UCL grads’ theatre company accused of discrimination after firing actor over her mental health

They messaged her boyfriend to say they’d decided to fire her from their upcoming fringe show

A theatre company founded by recent UCL graduates has been accused of discrimination after firing an actor over her mental health.

Actor and UCL grad Tara was fired from her lead role in the show Next Time just days before the start of its run at the Edinburgh Fringe Festival.

Tara alleges that Polly Creed, founder of Power Play and director of Next Time, fired her from the show because of her disability. Tara has been diagnosed with Generalised Anxiety Disorder, and experiences panic attacks. She described finding it “hard to keep hopeful” and “doubting if it’s even possible to exist in the industry with disability”.

Power Play is an “activist theatre” company set up by Polly, a UCL Drama Society committee member in 2017-18, and several other recent UCL graduates. Their activism mainly focuses on gender inequality, but one of Power Play’s directors is also the cofounder of a mental health initiative, and they have shared articles on their Twitter account on how important it is to make theatre accessible for disabled people.

Their show Next Time had a full run at the Edinburgh Fringe Festival throughout August 2018, with tickets priced at £12, and was one of four plays produced by Power Play. Power Play’s shows appeared in Lyn Gardner’s guide to shows to see for The Independent, and WhatsOnStage’s guide on shows to book early for Fringe 2018.

As part of the role, Tara was encouraged to recreate the feeling of having a panic attack during a rehearsal on July 25th, the day before their first preview performance. This in turn caused Tara to have a panic attack in the rehearsal room. She requested permission to go home and was eventually given permission to leave.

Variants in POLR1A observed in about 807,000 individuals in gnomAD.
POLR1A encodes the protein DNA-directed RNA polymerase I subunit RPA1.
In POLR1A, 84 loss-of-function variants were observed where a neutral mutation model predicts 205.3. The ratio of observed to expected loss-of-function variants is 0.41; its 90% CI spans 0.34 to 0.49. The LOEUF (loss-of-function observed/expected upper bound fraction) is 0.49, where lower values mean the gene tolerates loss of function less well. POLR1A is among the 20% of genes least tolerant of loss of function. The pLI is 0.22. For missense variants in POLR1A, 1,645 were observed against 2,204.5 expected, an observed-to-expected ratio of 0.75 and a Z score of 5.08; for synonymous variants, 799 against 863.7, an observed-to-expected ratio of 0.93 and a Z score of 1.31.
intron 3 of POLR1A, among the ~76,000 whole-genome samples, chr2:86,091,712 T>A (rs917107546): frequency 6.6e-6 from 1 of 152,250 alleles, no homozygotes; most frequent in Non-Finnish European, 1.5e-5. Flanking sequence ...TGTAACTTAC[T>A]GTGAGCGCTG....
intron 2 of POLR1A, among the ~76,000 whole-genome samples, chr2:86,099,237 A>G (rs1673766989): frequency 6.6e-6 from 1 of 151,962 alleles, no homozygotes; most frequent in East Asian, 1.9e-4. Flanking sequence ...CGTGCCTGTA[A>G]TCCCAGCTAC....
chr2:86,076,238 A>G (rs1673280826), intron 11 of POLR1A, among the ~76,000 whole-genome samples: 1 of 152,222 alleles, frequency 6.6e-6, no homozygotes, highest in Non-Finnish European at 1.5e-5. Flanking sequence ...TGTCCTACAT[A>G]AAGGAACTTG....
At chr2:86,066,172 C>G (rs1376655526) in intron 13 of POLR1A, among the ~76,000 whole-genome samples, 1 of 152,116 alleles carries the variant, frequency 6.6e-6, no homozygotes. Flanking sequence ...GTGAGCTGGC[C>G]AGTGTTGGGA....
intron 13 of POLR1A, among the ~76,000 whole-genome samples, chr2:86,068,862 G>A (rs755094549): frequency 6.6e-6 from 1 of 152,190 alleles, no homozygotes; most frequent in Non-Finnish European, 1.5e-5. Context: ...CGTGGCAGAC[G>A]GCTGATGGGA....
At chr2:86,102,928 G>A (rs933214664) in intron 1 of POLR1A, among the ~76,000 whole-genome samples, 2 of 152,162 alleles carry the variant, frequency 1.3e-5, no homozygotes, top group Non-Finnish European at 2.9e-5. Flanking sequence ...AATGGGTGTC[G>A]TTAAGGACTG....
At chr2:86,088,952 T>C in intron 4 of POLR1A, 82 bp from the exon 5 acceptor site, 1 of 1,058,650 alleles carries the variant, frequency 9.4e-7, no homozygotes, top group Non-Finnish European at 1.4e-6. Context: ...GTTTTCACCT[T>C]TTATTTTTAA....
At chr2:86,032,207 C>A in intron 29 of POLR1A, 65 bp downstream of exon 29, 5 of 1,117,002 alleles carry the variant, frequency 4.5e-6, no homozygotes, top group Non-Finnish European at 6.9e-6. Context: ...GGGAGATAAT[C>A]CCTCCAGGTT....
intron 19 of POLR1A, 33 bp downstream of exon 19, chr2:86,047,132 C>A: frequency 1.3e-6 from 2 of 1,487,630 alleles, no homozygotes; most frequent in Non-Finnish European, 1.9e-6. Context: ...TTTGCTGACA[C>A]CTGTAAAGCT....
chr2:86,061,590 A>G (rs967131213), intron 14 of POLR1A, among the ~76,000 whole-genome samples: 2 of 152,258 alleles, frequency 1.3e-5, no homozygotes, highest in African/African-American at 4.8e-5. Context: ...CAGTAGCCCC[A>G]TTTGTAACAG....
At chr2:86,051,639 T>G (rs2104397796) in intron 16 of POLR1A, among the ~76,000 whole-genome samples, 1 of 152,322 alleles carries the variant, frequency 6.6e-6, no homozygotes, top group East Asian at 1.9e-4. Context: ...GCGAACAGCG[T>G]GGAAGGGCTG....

Later, Tara messaged Polly and suggested solutions to prevent similar occurrences happening again, including using a codeword instead of “panic” and avoiding shallow breathing during the performance, amongst other measures. To this, Polly responded “Will take all of that onboard and also lets discuss it thoroughly tomorrow”.

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Tara sends Polly suggestions for how to best deal with her anxiety

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Polly replies saying how useful these suggestions are

Tara described feeling shaky and asking for rehearsals to be pushed back a couple of hours so she could be ready for the evening’s performance.

The next day, Tara spoke to Polly, asking if they could move the rehearsal to hers. Polly refused, and Tara explained how she “can’t move right now”. At 10:32, Polly said “let’s just leave it today then. If you’re feeling better later could you give me a ring though?”

In a statement, Power Play said it had become impossible to reach Tara, and that she had become unable to attend rehearsals.

At 13:39, her boyfriend Matt received a message from Polly, saying that they had decided to fire Tara as she “was not in an ok position to do the role” and asking him how he thought they should break the news to her.

She says “We’ve really tried but I just think at this stage it’s asking too much of her.”